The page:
The poem depicted a ‘classic patriarchal art tradition,’ students claimed
A Berlin university has removed a poem from one of its walls after students complained that it was sexist and “reminiscent of sexual harassment.”
The poem, “avenidas,” by poet Eugen Gomringer, was placed on a facade of the school several years ago, according to DW.
Translated from Spanish, the poem reads: “Avenues / Avenues and flowers / Flowers / Flowers and women / Avenues / Avenues and women / Avenues and flowers and women and an admirer.”
Students agitated against the poem and asked the school to remove it, claiming that the work “not only reproduces a classic patriarchal art tradition in which women are exclusively the beautiful muses that inspire masculine artists to creative acts, it is also reminiscent of sexual harassment, which women are exposed to every day.”
Following the outcry, the university voted to erase the poem, settling on a policy of “[painting] lyrics from a new poetry prize winner every five years” rather than leaving Gomringer’s poem up permanently, according to The Local.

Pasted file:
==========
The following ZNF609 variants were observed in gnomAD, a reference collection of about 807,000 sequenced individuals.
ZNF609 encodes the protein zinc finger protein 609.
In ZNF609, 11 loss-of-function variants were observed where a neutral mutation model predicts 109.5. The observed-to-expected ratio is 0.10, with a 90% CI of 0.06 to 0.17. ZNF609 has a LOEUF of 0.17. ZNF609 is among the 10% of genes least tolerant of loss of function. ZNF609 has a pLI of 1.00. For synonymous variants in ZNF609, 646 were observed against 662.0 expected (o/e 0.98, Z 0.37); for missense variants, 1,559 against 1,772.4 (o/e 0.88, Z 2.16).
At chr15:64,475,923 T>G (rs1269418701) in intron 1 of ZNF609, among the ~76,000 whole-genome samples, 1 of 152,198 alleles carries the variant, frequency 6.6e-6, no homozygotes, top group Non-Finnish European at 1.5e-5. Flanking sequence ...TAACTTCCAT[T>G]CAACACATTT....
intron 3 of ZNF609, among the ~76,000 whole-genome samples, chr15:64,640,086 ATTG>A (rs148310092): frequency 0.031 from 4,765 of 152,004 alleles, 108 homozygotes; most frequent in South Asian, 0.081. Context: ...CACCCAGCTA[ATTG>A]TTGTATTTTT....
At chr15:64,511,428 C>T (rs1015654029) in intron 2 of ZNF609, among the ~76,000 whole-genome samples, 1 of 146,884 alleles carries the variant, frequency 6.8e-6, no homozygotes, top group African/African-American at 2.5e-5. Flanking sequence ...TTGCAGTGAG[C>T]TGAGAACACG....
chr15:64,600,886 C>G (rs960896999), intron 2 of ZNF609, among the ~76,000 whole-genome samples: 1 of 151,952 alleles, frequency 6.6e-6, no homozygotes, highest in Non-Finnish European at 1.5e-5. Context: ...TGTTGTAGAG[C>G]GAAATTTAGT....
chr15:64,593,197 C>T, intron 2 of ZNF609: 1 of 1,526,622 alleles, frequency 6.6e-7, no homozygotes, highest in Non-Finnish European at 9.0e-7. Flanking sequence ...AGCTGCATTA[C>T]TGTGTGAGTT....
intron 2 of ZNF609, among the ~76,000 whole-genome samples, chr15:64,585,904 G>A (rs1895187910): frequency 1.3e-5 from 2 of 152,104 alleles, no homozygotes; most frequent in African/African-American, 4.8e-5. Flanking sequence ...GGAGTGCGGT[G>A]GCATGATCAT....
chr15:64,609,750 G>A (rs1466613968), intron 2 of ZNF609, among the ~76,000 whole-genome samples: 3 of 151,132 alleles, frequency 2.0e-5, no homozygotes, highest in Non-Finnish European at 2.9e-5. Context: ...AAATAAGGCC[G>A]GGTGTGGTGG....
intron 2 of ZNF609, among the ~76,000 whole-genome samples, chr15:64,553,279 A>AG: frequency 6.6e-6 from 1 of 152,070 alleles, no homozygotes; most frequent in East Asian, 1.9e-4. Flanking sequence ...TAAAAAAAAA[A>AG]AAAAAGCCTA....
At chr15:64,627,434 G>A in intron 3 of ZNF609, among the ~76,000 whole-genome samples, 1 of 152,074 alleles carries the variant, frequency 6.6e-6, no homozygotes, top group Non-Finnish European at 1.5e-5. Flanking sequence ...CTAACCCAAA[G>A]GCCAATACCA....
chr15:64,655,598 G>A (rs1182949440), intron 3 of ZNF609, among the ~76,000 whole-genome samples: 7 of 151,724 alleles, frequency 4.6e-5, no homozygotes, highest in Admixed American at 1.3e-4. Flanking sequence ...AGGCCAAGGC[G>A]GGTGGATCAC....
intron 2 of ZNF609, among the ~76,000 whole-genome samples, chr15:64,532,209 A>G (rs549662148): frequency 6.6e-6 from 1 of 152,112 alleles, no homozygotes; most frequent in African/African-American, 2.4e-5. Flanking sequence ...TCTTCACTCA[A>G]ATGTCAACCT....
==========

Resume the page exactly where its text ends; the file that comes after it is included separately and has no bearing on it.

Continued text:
Gomringer immediately criticized the university’s decision, describing it as “an encroachment on the freedom of art and poetry.”
The 93-year-old told the German Press Agency (DPA) that he reserves the right to take legal action.
The German Cultural Council, an umbrella organization for 250 federal cultural associations, described itself as “shocked” by the decision.
Olaf Zimmermann, managing director of the Cultural Council, told DPA, “I would never have thought it possible for a university that is itself a beneficiary of freedom of art and science to trample on this right in such a way.”
The controversy first attracted international attention last year when the German PEN Centre and the Culture Council warned that erasing the poem amounted to censorship.
The university defended its decision on Tuesday. University rector Uwe Bettig said they were demonstrating “a clear commitment to art”.
During renovation in the autumn, a text by last year’s prizewinner Barbara Köhler is to be painted onto the wall instead. In five years’ time, there will be another change.
At the end of the last year, The Local reports, a majority of the university’s students voted against having the poem up on the facade.
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